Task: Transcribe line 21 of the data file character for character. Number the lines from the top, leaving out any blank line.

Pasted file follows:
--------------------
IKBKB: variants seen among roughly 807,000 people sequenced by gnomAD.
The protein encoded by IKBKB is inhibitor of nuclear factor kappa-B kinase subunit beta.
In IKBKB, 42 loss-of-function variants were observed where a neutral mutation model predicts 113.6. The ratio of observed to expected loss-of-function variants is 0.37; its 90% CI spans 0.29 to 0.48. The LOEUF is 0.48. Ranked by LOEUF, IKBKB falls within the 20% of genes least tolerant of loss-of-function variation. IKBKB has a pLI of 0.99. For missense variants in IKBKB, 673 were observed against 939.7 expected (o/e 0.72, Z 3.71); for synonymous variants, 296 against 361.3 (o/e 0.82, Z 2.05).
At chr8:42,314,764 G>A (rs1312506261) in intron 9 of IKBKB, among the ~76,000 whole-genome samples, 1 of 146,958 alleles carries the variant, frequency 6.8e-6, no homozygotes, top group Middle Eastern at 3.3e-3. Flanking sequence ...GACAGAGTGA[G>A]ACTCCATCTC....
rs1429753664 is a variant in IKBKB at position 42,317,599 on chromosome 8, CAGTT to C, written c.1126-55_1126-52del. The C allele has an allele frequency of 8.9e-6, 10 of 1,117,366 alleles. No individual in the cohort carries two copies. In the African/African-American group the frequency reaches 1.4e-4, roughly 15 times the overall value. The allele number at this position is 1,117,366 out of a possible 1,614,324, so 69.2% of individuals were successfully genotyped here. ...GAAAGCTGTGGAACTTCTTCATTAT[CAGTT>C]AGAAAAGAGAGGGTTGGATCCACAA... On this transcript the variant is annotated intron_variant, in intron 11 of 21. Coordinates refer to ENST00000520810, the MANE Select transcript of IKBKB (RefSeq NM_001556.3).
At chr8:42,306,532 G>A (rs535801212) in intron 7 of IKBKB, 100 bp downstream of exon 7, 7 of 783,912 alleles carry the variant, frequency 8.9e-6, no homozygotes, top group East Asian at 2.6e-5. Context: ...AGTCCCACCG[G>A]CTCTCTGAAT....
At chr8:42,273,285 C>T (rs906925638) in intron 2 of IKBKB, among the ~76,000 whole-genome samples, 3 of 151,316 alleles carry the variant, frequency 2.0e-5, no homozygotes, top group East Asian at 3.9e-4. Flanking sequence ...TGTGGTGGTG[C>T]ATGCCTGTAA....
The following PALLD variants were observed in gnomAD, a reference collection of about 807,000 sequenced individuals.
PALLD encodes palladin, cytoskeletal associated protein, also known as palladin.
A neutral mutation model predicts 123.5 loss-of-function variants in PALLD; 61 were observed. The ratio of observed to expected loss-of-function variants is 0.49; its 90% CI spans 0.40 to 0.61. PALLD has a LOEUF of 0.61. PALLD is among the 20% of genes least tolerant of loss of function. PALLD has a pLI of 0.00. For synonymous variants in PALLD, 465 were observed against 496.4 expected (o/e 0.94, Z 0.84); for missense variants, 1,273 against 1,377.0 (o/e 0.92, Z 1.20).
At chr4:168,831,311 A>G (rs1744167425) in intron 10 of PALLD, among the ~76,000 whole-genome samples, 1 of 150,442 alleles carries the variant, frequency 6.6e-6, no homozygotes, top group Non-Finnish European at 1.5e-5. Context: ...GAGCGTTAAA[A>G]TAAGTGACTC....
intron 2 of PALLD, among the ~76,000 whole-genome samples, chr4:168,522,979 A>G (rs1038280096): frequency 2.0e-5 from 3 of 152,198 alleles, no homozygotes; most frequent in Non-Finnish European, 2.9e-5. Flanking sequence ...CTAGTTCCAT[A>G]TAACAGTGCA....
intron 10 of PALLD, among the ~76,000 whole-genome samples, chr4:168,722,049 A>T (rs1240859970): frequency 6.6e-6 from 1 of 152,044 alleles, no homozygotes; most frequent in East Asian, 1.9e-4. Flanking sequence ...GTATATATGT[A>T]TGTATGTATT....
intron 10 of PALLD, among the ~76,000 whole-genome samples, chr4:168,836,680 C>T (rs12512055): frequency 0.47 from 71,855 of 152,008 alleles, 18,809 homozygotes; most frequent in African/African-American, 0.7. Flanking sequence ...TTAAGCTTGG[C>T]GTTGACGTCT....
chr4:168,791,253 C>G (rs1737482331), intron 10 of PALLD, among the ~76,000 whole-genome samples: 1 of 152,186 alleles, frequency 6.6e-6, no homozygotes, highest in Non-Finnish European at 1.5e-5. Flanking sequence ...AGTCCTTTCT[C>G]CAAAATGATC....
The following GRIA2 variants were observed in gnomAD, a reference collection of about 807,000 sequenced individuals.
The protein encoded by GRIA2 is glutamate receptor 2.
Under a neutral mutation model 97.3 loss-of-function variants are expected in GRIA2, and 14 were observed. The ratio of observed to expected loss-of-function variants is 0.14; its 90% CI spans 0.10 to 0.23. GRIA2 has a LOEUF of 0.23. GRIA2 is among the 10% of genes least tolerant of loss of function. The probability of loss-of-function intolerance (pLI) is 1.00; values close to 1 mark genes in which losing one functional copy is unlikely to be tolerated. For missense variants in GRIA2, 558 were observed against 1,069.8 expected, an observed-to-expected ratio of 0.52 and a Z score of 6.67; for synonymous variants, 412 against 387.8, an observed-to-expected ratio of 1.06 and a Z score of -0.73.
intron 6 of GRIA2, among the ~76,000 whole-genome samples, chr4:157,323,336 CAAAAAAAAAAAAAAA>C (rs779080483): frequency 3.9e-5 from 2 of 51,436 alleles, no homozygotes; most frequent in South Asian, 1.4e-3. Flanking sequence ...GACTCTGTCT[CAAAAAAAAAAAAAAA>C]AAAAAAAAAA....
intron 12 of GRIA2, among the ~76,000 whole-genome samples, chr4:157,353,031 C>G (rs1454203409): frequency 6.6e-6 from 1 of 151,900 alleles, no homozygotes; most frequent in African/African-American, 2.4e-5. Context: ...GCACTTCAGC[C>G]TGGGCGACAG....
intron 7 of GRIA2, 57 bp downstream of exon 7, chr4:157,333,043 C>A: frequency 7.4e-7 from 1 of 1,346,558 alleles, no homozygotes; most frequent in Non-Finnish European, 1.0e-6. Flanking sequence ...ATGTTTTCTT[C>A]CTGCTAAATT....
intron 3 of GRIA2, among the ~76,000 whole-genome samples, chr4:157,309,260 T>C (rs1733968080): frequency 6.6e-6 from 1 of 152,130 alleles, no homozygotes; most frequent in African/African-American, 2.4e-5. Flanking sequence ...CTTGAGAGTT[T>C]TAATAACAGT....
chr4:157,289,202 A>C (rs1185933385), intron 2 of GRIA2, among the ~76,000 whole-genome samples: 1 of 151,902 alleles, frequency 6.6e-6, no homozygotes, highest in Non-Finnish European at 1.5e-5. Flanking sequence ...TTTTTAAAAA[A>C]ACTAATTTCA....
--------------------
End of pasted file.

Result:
intron 7 of GRIA2, 57 bp downstream of exon 7, chr4:157,333,043 C>A: frequency 7.4e-7 from 1 of 1,346,558 alleles, no homozygotes; most frequent in Non-Finnish European, 1.0e-6. Flanking sequence ...ATGTTTTCTT[C>A]CTGCTAAATT....